Dinner has moved past being a time where Mothers would slave and slog, only to then spend their meal serving and then clearing up food. We are ushering into an age, or trying to, where meals have become less about being served and more about sharing the load. Having dinner together as a family comes with benefits and plays an important role in developing your child's character and social skills.
The first and most evident benefit of spending time together as a family is the development of healthy interpersonal relationships between parent and child. If children know there is a window of time in the day where they have the entirety of their parents' attention, they are more likely to communicate and share their day. Children often hesitate when they're unsure if they have their parents' complete attention. At dinner, when the family is sitting together without the distraction of the television and their cellphones, members are more likely to communicate openly with one another.
This healthy relationship is something to encourage from a young age, as it will be beneficial for your child in the future as well – possibly becoming a habit they take up with their own families. Being openly communicative also plays a role in making children more positive about the future and they show more excitement towards their goals and dreams for the future.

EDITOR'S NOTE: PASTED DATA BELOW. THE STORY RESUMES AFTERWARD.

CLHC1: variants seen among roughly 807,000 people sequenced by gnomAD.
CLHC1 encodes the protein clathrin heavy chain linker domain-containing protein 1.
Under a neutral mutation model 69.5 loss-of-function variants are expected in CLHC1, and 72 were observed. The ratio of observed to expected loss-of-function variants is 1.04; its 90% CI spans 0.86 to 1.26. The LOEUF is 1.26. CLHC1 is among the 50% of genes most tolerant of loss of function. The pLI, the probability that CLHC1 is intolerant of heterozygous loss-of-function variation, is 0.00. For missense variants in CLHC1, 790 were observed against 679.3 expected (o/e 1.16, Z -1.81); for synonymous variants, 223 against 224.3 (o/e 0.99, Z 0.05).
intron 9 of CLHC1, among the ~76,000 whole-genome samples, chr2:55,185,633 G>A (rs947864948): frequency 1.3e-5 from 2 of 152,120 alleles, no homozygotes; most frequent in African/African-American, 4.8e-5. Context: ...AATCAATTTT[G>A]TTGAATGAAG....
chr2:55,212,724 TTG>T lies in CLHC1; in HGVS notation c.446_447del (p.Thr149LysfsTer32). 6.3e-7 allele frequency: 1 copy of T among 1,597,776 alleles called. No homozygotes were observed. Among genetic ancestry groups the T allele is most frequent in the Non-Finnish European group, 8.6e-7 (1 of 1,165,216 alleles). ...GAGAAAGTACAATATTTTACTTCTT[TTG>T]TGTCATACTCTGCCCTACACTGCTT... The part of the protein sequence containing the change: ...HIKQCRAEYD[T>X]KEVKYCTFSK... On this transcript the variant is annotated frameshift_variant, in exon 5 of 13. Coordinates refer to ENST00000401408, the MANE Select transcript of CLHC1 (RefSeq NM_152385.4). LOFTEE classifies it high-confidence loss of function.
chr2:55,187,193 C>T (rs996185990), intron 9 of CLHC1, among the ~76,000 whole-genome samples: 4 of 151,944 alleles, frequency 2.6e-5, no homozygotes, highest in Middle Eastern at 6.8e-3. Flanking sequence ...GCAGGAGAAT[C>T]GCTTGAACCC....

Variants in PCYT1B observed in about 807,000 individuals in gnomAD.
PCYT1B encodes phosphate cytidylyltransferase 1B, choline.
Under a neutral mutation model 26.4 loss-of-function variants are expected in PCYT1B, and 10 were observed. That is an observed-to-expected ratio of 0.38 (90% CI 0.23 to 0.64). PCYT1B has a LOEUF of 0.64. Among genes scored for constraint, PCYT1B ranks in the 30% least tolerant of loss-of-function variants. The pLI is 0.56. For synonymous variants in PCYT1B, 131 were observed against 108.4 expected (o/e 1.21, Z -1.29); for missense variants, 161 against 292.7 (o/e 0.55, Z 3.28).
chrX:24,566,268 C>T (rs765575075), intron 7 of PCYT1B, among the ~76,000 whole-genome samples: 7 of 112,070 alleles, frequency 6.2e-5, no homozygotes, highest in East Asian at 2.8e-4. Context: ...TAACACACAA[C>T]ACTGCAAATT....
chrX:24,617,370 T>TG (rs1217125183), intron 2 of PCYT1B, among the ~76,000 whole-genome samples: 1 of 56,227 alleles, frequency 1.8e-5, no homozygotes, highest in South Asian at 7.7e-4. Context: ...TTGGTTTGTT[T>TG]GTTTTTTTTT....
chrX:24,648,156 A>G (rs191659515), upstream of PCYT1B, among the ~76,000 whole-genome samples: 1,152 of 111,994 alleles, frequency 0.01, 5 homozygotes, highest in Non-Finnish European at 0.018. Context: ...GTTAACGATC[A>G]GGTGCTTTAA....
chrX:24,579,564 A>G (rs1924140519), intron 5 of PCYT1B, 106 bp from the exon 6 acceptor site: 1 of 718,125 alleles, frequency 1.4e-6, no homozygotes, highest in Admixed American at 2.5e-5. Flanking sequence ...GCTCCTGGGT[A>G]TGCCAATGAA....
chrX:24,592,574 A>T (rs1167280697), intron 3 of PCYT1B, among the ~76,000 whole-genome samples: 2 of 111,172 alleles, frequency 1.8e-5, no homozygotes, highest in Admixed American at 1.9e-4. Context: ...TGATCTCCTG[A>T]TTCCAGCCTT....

Spending dinner time together as a family doesn't only entail listening to your children talk. It is your chance to be open with your children about what is going on in your own lives. This give and take of information also helps in developing their listening skills; making them better listeners and communicators.
By giving dinner time importance, families also reduce the number of days they choose to eat out. Eating together every day becomes an act which is celebrated, rather than pushed to the bottom of the "compulsory" family time pile. Children are exposed to new words which they can add to their vocabulary – ones which they don't hear on a day-to-day basis at school. They also get a chance to explore new food and try out new dishes in the comfort of their own homes. Children feel less worried about trying out something new when they are in the familiar territory.
Lastly, as mentioned at the beginning of this blog post, family dinners are no longer evenings where Mothers put in all the hard work. Teach your children from an early age that the load is meant to be shared – be it cooking, serving or clearing up. And as you know, children learn best by example.